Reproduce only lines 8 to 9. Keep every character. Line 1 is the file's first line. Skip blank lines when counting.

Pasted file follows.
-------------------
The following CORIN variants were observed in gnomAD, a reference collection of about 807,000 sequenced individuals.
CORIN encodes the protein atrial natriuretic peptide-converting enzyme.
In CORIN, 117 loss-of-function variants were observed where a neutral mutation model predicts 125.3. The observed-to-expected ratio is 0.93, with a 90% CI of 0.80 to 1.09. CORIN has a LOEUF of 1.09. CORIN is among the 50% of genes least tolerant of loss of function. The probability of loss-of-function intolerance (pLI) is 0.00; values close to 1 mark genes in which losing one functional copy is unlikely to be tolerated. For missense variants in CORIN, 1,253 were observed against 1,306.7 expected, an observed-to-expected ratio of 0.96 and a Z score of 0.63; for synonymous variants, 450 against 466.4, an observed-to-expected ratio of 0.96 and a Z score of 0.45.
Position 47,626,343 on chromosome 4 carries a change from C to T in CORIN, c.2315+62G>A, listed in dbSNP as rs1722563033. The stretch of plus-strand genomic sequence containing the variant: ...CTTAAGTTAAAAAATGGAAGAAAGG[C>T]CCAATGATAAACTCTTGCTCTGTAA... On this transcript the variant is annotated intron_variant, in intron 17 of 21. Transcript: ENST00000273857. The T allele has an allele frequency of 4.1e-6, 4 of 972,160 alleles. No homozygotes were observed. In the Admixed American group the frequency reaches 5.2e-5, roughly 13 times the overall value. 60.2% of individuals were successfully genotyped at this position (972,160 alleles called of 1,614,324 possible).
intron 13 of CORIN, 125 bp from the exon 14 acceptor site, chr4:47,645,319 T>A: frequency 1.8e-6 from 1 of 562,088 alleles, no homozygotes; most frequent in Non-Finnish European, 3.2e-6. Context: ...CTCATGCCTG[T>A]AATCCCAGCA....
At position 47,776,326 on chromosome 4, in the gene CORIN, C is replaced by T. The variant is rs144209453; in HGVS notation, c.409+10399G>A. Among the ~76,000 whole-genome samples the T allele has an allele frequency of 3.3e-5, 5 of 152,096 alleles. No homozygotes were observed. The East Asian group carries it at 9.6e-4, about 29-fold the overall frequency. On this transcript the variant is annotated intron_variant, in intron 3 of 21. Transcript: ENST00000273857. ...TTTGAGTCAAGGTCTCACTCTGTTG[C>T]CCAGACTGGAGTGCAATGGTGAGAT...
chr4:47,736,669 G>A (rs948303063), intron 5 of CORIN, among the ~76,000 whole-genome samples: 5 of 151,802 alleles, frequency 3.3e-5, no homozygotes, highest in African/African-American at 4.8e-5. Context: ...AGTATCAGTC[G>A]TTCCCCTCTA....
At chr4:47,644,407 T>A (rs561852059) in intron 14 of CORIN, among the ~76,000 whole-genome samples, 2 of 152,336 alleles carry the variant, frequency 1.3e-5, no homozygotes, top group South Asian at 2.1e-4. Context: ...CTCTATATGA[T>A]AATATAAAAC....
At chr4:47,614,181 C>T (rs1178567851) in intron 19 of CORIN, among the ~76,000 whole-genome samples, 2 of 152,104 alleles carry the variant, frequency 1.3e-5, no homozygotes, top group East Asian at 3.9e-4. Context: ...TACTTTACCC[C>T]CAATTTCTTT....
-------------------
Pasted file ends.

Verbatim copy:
At chr4:47,644,407 T>A (rs561852059) in intron 14 of CORIN, among the ~76,000 whole-genome samples, 2 of 152,336 alleles carry the variant, frequency 1.3e-5, no homozygotes, top group South Asian at 2.1e-4. Context: ...CTCTATATGA[T>A]AATATAAAAC....
At chr4:47,614,181 C>T (rs1178567851) in intron 19 of CORIN, among the ~76,000 whole-genome samples, 2 of 152,104 alleles carry the variant, frequency 1.3e-5, no homozygotes, top group East Asian at 3.9e-4. Context: ...TACTTTACCC[C>T]CAATTTCTTT....